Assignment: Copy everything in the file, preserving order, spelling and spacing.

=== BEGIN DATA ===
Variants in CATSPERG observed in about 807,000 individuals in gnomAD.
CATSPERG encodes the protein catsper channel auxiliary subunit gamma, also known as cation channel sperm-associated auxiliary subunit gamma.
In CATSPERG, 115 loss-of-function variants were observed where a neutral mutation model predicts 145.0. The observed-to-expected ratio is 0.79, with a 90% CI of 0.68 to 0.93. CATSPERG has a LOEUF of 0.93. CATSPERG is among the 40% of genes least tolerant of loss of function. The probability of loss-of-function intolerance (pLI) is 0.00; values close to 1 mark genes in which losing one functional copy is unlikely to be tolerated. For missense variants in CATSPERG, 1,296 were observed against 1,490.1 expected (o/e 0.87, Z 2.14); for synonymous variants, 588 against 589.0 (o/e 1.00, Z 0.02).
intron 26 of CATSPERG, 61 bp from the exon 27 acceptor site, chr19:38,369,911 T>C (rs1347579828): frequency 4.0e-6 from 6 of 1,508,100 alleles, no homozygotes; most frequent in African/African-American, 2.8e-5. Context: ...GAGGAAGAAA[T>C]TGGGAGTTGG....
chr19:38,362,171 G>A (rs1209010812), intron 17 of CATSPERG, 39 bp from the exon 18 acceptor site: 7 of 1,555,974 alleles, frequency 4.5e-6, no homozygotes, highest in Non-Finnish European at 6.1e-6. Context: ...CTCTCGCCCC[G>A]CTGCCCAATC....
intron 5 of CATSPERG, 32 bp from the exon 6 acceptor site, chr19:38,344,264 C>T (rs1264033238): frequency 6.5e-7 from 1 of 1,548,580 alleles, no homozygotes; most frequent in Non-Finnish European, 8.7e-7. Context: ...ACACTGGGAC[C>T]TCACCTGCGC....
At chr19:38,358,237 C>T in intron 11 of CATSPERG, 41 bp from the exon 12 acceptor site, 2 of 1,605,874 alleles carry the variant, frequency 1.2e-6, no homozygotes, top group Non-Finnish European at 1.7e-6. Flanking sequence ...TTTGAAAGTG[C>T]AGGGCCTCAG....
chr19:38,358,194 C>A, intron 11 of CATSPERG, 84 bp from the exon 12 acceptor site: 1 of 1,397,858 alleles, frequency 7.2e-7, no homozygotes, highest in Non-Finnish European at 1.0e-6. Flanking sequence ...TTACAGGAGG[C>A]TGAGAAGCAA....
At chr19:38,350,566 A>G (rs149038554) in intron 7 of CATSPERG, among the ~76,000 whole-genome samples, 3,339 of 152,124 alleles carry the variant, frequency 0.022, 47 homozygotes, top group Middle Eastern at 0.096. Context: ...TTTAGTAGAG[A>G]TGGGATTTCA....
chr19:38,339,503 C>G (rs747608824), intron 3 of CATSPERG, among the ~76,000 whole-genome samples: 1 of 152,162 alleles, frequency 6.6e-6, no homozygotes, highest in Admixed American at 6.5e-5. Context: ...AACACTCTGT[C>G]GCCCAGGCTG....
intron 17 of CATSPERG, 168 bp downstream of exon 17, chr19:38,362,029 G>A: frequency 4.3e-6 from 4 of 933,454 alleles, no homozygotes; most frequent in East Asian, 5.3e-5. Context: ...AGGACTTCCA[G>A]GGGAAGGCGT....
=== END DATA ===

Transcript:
Variants in CATSPERG observed in about 807,000 individuals in gnomAD.
CATSPERG encodes the protein catsper channel auxiliary subunit gamma, also known as cation channel sperm-associated auxiliary subunit gamma.
In CATSPERG, 115 loss-of-function variants were observed where a neutral mutation model predicts 145.0. The observed-to-expected ratio is 0.79, with a 90% CI of 0.68 to 0.93. CATSPERG has a LOEUF of 0.93. CATSPERG is among the 40% of genes least tolerant of loss of function. The probability of loss-of-function intolerance (pLI) is 0.00; values close to 1 mark genes in which losing one functional copy is unlikely to be tolerated. For missense variants in CATSPERG, 1,296 were observed against 1,490.1 expected (o/e 0.87, Z 2.14); for synonymous variants, 588 against 589.0 (o/e 1.00, Z 0.02).
intron 26 of CATSPERG, 61 bp from the exon 27 acceptor site, chr19:38,369,911 T>C (rs1347579828): frequency 4.0e-6 from 6 of 1,508,100 alleles, no homozygotes; most frequent in African/African-American, 2.8e-5. Context: ...GAGGAAGAAA[T>C]TGGGAGTTGG....
chr19:38,362,171 G>A (rs1209010812), intron 17 of CATSPERG, 39 bp from the exon 18 acceptor site: 7 of 1,555,974 alleles, frequency 4.5e-6, no homozygotes, highest in Non-Finnish European at 6.1e-6. Context: ...CTCTCGCCCC[G>A]CTGCCCAATC....
intron 5 of CATSPERG, 32 bp from the exon 6 acceptor site, chr19:38,344,264 C>T (rs1264033238): frequency 6.5e-7 from 1 of 1,548,580 alleles, no homozygotes; most frequent in Non-Finnish European, 8.7e-7. Context: ...ACACTGGGAC[C>T]TCACCTGCGC....
At chr19:38,358,237 C>T in intron 11 of CATSPERG, 41 bp from the exon 12 acceptor site, 2 of 1,605,874 alleles carry the variant, frequency 1.2e-6, no homozygotes, top group Non-Finnish European at 1.7e-6. Flanking sequence ...TTTGAAAGTG[C>T]AGGGCCTCAG....
chr19:38,358,194 C>A, intron 11 of CATSPERG, 84 bp from the exon 12 acceptor site: 1 of 1,397,858 alleles, frequency 7.2e-7, no homozygotes, highest in Non-Finnish European at 1.0e-6. Flanking sequence ...TTACAGGAGG[C>A]TGAGAAGCAA....
At chr19:38,350,566 A>G (rs149038554) in intron 7 of CATSPERG, among the ~76,000 whole-genome samples, 3,339 of 152,124 alleles carry the variant, frequency 0.022, 47 homozygotes, top group Middle Eastern at 0.096. Context: ...TTTAGTAGAG[A>G]TGGGATTTCA....
chr19:38,339,503 C>G (rs747608824), intron 3 of CATSPERG, among the ~76,000 whole-genome samples: 1 of 152,162 alleles, frequency 6.6e-6, no homozygotes, highest in Admixed American at 6.5e-5. Context: ...AACACTCTGT[C>G]GCCCAGGCTG....
intron 17 of CATSPERG, 168 bp downstream of exon 17, chr19:38,362,029 G>A: frequency 4.3e-6 from 4 of 933,454 alleles, no homozygotes; most frequent in East Asian, 5.3e-5. Context: ...AGGACTTCCA[G>A]GGGAAGGCGT....